Where to for ASA?

Long Live the King!


One of the most enduring images of the 2012 Comrades
Marathon was the sight of two of South Africa’s most iconic runners finishing hand-in-hand,
in just over eight hours. While Zola Pieterse, the barefoot track sensation of the
80s was completing her first Comrades, Bruce Fordyce was coming home for his 30
medal, and shortly after finishing, he would confirm his retirement from the
Big C, saying it was an incredible way to bow out. “I was trying to run
sub-7:30 for one last silver medal, but then I saw Zola walking with about 30km
to go and decided to stick with her. The reception we got throughout the rest
of the race was simply amazing.”


Typical of Bruce, he spent much of those 30km telling
everybody how great Zola was doing, but the adoring spectators were not to be
denied their hero worship for the man widely known as the Comrades King. That’s
because in the early 80s the South African public was exposed to live TV
coverage of the emotionally-charged Comrades for the first time, and for the
next decade millions of people would tune into the full-day broadcast and watch
the willowy runner with flowing blonde hair come from behind in the second half
of the race, give his opponent the famous ‘Fordyce Kiss of Death’ and then power
on for yet another win. Bruce’s Comrades exploits thrilled the SA public,
turning him into a national icon and helping the race explode in popularity.


Bruce (58) remains a competitive runner in the Master age category, and says
there are still running items left on his bucket list. “I’ll be doing my
30th Two Oceans Marathon in 2014, and in my insanity, I have
accepted an invite to go run the Western States 100-miler in the USA in June.
But my next big goal is 2016, when I start competing as a Grandmaster, because
I’m getting hammered in the Masters now by younger runners!” He also says he
may still run the Comrades again… “I would like to run the 100th
Comrades when I am 67, and if one of my kids decides to run it, I would go with,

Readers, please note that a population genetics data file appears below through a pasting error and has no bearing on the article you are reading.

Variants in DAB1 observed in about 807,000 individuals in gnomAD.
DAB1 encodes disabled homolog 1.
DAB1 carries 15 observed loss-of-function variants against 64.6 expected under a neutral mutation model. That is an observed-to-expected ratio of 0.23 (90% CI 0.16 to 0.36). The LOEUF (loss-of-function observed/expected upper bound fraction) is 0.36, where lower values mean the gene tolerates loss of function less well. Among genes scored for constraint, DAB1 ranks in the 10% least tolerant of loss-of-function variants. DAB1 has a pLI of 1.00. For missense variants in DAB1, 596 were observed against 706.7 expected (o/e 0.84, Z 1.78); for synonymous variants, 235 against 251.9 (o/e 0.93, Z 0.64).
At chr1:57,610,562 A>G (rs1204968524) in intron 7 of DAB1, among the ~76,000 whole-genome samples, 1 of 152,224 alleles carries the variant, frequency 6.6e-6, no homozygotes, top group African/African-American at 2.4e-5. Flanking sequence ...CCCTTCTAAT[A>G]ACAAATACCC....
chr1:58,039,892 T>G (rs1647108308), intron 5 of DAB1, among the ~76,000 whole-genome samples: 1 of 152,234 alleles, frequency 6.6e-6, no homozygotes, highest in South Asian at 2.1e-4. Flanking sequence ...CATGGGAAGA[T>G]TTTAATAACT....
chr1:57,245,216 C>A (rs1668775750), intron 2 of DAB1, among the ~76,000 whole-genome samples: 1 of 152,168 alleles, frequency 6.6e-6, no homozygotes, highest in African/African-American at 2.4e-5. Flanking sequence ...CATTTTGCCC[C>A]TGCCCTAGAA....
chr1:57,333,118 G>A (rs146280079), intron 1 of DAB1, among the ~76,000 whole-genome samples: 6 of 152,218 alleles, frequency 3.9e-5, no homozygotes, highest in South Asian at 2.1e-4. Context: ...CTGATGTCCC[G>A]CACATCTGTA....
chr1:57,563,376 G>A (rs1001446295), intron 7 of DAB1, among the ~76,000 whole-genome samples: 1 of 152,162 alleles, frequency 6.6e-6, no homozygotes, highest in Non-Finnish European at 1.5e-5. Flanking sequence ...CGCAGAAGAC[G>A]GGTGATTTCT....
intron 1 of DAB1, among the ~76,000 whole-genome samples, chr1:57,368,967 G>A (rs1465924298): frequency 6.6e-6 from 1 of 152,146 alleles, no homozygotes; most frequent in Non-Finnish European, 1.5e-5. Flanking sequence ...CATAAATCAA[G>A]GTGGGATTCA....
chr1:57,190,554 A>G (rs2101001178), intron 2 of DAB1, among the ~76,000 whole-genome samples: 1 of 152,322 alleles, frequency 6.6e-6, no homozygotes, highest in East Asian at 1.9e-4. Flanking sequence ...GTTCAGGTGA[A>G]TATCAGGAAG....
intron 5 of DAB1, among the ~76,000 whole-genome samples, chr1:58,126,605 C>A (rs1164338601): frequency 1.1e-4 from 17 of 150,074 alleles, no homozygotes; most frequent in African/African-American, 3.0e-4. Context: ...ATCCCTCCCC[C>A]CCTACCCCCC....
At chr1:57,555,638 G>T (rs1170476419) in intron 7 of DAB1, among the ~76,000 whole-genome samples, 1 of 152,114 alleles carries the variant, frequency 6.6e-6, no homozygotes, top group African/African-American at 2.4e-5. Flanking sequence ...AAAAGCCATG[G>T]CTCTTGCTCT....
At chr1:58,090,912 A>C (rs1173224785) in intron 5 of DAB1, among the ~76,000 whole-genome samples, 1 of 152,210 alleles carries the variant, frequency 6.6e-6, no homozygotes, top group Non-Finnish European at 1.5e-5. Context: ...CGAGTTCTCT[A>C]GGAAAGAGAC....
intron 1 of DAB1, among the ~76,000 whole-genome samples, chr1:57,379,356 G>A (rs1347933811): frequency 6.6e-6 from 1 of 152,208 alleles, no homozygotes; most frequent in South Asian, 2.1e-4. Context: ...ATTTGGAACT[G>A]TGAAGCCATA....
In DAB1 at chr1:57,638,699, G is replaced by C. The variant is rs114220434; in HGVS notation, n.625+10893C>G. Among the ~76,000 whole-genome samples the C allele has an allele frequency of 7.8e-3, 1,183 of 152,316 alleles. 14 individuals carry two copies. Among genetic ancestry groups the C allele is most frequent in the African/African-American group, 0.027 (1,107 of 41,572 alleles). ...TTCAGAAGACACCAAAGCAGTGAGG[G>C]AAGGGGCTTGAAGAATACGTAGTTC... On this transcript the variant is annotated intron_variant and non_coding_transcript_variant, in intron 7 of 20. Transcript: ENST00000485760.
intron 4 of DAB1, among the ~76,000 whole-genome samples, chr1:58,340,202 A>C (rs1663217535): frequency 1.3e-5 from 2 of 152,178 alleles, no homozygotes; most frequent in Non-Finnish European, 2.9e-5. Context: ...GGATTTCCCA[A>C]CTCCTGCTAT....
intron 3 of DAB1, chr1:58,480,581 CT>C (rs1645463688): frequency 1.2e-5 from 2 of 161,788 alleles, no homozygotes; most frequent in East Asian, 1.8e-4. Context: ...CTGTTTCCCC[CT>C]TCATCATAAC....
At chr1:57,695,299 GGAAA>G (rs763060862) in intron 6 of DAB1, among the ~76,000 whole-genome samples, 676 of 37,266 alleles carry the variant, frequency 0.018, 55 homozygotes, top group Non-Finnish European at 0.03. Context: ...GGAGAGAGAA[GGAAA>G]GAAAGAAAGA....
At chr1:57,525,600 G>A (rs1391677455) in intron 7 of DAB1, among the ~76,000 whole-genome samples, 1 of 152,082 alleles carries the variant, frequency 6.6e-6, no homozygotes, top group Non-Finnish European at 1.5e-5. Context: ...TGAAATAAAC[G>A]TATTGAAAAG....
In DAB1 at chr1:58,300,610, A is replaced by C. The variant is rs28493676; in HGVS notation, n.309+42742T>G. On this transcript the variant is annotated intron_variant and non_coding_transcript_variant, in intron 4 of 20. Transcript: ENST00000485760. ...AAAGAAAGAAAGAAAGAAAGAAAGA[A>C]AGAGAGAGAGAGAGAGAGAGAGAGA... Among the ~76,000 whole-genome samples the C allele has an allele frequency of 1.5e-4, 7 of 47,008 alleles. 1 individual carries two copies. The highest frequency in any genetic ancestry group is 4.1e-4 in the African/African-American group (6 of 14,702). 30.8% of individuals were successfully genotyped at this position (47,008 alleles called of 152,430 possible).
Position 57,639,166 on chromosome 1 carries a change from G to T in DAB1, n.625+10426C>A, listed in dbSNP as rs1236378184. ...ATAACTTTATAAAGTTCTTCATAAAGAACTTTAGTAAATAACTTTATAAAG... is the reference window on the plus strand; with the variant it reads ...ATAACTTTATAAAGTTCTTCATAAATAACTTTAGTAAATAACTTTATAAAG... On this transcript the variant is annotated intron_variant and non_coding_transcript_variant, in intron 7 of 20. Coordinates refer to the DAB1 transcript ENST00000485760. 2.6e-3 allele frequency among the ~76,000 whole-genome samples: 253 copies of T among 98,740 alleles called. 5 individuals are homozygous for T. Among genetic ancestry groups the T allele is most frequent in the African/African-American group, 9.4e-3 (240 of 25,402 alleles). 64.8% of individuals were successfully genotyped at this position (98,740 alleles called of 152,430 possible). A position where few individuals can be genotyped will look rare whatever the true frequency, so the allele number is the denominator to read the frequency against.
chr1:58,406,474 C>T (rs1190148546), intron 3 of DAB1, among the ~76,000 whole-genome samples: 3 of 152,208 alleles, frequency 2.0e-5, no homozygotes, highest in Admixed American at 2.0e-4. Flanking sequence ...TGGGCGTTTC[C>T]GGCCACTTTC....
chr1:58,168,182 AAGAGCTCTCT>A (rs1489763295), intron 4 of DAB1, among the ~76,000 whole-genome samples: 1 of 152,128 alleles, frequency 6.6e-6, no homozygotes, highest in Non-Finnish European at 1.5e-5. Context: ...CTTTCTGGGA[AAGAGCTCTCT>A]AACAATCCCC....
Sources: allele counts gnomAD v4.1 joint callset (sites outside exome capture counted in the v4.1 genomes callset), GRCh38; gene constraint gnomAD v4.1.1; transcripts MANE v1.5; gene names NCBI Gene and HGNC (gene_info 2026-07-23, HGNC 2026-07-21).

but for now it works better for me not running, as I can do more networking at the
expo and can do TV commentary, which I really enjoy.”



in Hong Kong and initially schooled in the UK, Bruce moved with his family to
Johannesburg when he was 13. At school he played rugby and soccer, but running
was already proving his strength.
“The longer the
event, the better I was, and in standard nine and matric I won the 5000m, 10 000m
and cross-country – but it was a small school, so if you could run the whole
way, you’d probably win,” he jokes.
While studying at the University of
the Witwatersrand, he made his Comrades debut in 1977, finishing 43rd,
then improving to 14th in 1978, third in 1979 and second in 1980.


began a streak that is unlikely to be matched: Eight consecutive wins from 1981
to 1988, including five course records, plus a ninth win in 1990 – and his 5:27:42
record (1988) for the Up Run stood for 10 years, while his 5:24:07 for the Down
Run (1986) stood for 21 years. No other male runner has ever won more than five
Comrades titles, although Elena Nurgalieva is currently on eight wins in the
women’s race and looks likely to match or even beat Bruce’s record. He also won
a hat-trick of titles from 1981 to 1983 in the 55-mile (88.5-kilometre) London
to Brighton Marathon, then regarded as the world’s premier ultra-marathon,
setting a world best for 50 miles (80.45 kilometres) on the way to his third
win, and then in 1984 he set a World Record for 50 miles in the USA, clocking
4:50:51 in Chicago, which still stands today!



1989 Bruce took the year off from Comrades to successfully go after the World
Record for 100km, clocking 6:25:07 in a specially arranged international race
in Stellenbosch. “
I felt I needed a break from
Comrades, and wanted to see how I compared to the rest of world, even though I knew
wouldn’t be able to recover in time to race Comrades that year.” Some people